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Explaining Japan's Saving Rate

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  • David W. Campbell

    (The Jerome Levy Economics Institute)

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    Abstract

    This paper examines what I believe to be the significant developments in research over the past ten years on Japan's saving. It is a world that has been turned upside down during this period. I hope this paper helps clarify the extraordinary changes that have taken place. The paper is organized as follows. The next section motivates why Japan's saving is important. It is followed by a section which reviews the literature on the standardization of US-Japanese saving rates. Next comes my analysis of the Japan is special argument as applied to saving. After that I look at heterogeneity in saving, an idea which I suspect will dominate the research on Japan's saving for the next several years. Finally I end with a brief summary.

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    File URL: http://128.118.178.162/eps/mac/papers/9902/9902004.pdf
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    Bibliographic Info

    Paper provided by EconWPA in its series Macroeconomics with number 9902004.

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    Length: 31 pages
    Date of creation: 05 Feb 1999
    Date of revision:
    Handle: RePEc:wpa:wuwpma:9902004

    Note: Type of Document - Acrobate PDF File; prepared on IBM PC; to print on PostScript; pages: 31; figures: included
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    Web page: http://128.118.178.162

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    1. Horioka, C.Y., 1993. "Is Japan's Household Saving Rate Really High?," ISER Discussion Paper 0308, Institute of Social and Economic Research, Osaka University.
    2. Fumio Hayashi, 1989. "Is Japan's saving rate high?," Quarterly Review, Federal Reserve Bank of Minneapolis, issue Spr, pages 3-9.
    3. Martin Feldstein & Charles Horioka, 1979. "Domestic Savings and International Capital Flows," NBER Working Papers 0310, National Bureau of Economic Research, Inc.
    4. Deaton, A., 1989. "Saving in Developing Contries: Theory and Review," Papers 144, Princeton, Woodrow Wilson School - Development Studies.
    5. Joseph G. Altonji & Fumio Hayashi & Laurence J. Kotlikoff, 1989. "Is the Extended Family Altruistically Linked? Direct Tests Using Micro Data," NBER Working Papers 3046, National Bureau of Economic Research, Inc.
    6. Dekle, Robert, 1989. "The unimportance of intergenerational transfers in Japan," Japan and the World Economy, Elsevier, vol. 1(4), pages 403-413, November.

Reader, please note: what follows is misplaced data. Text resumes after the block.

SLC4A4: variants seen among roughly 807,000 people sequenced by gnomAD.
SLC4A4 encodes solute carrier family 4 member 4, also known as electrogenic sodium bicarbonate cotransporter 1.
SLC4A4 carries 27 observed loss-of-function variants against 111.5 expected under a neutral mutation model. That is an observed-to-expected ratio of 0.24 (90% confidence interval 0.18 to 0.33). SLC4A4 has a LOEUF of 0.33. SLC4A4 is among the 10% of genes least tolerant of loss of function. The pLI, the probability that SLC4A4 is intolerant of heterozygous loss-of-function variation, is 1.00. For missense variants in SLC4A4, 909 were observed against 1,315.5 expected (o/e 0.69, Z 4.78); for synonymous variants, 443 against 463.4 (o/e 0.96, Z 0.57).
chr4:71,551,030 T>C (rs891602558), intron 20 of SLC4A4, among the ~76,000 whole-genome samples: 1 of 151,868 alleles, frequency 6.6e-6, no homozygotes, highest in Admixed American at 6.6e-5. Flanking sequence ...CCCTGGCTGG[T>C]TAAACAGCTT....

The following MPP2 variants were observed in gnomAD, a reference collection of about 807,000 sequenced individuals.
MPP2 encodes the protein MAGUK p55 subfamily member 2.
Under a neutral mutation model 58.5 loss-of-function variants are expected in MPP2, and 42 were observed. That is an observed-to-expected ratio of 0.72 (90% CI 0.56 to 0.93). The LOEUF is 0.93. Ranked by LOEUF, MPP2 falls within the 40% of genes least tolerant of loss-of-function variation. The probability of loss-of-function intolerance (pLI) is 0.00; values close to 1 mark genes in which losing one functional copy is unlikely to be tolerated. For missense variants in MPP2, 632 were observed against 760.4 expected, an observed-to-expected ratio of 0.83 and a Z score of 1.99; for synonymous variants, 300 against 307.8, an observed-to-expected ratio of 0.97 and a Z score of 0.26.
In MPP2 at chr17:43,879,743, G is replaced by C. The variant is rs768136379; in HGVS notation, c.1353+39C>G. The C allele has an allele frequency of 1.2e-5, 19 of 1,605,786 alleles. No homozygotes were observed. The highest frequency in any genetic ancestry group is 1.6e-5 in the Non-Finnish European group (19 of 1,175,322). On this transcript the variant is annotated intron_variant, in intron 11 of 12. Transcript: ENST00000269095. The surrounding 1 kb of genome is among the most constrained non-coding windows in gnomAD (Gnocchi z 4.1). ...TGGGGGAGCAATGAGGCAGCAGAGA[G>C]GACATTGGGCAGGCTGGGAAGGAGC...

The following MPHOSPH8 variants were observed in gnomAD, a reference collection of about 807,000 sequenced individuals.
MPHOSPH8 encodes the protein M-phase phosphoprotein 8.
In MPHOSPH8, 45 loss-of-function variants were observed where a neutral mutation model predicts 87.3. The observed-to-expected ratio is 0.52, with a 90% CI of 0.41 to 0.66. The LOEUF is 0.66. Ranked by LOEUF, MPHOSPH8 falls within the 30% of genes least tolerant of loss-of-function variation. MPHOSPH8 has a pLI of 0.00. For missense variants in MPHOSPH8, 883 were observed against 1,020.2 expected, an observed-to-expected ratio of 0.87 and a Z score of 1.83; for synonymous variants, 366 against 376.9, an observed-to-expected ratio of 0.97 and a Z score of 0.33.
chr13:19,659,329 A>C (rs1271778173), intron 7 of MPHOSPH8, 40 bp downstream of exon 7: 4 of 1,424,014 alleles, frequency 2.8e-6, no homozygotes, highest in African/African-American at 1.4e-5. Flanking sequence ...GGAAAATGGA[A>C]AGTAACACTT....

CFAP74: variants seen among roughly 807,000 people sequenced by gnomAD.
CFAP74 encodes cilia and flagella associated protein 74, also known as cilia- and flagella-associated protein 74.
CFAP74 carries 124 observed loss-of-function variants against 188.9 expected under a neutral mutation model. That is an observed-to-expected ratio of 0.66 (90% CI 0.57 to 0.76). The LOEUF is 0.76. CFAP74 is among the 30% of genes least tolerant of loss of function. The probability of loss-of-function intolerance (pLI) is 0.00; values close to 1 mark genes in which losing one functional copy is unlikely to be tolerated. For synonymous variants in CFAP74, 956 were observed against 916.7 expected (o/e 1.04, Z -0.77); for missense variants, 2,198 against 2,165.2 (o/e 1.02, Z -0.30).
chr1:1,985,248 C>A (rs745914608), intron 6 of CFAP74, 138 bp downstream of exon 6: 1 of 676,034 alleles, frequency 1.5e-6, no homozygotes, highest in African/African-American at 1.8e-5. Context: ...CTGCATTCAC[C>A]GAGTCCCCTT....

7. Martin Feldstein & Philippe Bacchetta, 1991. "National Saving and International Investment," NBER Chapters, in: National Saving and Economic Performance, pages 201-226 National Bureau of Economic Research, Inc.
    8. Iwamoto, Yasushi, 1996. "Japan's saving rate is indeed lower than Professor Hayashi revealed," Japan and the World Economy, Elsevier, vol. 8(1), pages 35-41, March.
    9. Laurence J. Kotlikoff & Lawrence H. Summers, 1980. "The Role of Intergenerational Transfers in Aggregate Capital Accumulation," NBER Working Papers 0445, National Bureau of Economic Research, Inc.
    10. Christopher D. Carroll & Lawrence H. Summers, 1991. "Consumption Growth Parallels Income Growth: Some New Evidence," NBER Chapters, in: National Saving and Economic Performance, pages 305-348 National Bureau of Economic Research, Inc.
    11. Robert Dekle & Lawrence H. Summers, 1991. "Japan's High Saving Rate Reaffirmed," NBER Working Papers 3690, National Bureau of Economic Research, Inc.
    12. Horioka, C.Y., 1989. "Saving, Is Balances, And U.S.-Japan Trade And Investment Friction," ISER Discussion Paper 0208, Institute of Social and Economic Research, Osaka University.
    13. Horioka, Charles Yuji, 1990. "Why is Japan's household saving rate so high? A literature survey," Journal of the Japanese and International Economies, Elsevier, vol. 4(1), pages 49-92, March.
    14. B. Douglas Bernheim & John B. Shoven, 1991. "National Saving and Economic Performance," NBER Books, National Bureau of Economic Research, Inc, number bern91-2.
    15. Hall, Robert E, 1978. "Stochastic Implications of the Life Cycle-Permanent Income Hypothesis: Theory and Evidence," Journal of Political Economy, University of Chicago Press, vol. 86(6), pages 971-87, December.
    16. Horioka, Charles Yuji, 1988. "Saving for housing purchase in Japan," Journal of the Japanese and International Economies, Elsevier, vol. 2(3), pages 351-384, September.
    17. Laitner, John, 1992. "Random earnings differences, lifetime liquidity constraints, and altruistic intergenerational transfers," Journal of Economic Theory, Elsevier, vol. 58(2), pages 135-170, December.
    18. Lawrence J. Christiano, 1989. "Understanding Japan's saving rate: the reconstruction hypothesis," Quarterly Review, Federal Reserve Bank of Minneapolis, issue Spr, pages 10-25.
    19. Avery, Robert B & Kennickell, Arthur B, 1991. "Household Saving in the U.S," Review of Income and Wealth, International Association for Research in Income and Wealth, vol. 37(4), pages 409-32, December.
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